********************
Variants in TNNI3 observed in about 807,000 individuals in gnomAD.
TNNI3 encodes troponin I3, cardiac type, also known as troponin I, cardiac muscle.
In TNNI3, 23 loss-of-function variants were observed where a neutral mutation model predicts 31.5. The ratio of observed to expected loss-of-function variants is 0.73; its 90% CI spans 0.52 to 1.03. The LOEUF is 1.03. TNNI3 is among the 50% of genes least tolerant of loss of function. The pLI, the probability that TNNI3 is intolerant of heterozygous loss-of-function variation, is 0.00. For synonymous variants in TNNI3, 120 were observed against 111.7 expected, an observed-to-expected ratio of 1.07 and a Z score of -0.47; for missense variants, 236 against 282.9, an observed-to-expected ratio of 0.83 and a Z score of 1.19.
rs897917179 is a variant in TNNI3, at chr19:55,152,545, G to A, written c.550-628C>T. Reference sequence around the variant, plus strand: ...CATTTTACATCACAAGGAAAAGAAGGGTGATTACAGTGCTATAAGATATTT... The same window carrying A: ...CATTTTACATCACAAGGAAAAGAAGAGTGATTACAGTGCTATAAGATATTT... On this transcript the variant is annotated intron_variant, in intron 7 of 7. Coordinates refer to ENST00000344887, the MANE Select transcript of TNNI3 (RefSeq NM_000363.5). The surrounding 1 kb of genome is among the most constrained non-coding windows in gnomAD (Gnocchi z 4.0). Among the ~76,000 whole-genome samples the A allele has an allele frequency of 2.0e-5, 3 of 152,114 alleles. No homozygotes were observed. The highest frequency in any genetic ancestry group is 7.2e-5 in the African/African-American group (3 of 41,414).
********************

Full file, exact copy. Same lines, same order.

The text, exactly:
Variants in TNNI3 observed in about 807,000 individuals in gnomAD.
TNNI3 encodes troponin I3, cardiac type, also known as troponin I, cardiac muscle.
In TNNI3, 23 loss-of-function variants were observed where a neutral mutation model predicts 31.5. The ratio of observed to expected loss-of-function variants is 0.73; its 90% CI spans 0.52 to 1.03. The LOEUF is 1.03. TNNI3 is among the 50% of genes least tolerant of loss of function. The pLI, the probability that TNNI3 is intolerant of heterozygous loss-of-function variation, is 0.00. For synonymous variants in TNNI3, 120 were observed against 111.7 expected, an observed-to-expected ratio of 1.07 and a Z score of -0.47; for missense variants, 236 against 282.9, an observed-to-expected ratio of 0.83 and a Z score of 1.19.
rs897917179 is a variant in TNNI3, at chr19:55,152,545, G to A, written c.550-628C>T. Reference sequence around the variant, plus strand: ...CATTTTACATCACAAGGAAAAGAAGGGTGATTACAGTGCTATAAGATATTT... The same window carrying A: ...CATTTTACATCACAAGGAAAAGAAGAGTGATTACAGTGCTATAAGATATTT... On this transcript the variant is annotated intron_variant, in intron 7 of 7. Coordinates refer to ENST00000344887, the MANE Select transcript of TNNI3 (RefSeq NM_000363.5). The surrounding 1 kb of genome is among the most constrained non-coding windows in gnomAD (Gnocchi z 4.0). Among the ~76,000 whole-genome samples the A allele has an allele frequency of 2.0e-5, 3 of 152,114 alleles. No homozygotes were observed. The highest frequency in any genetic ancestry group is 7.2e-5 in the African/African-American group (3 of 41,414).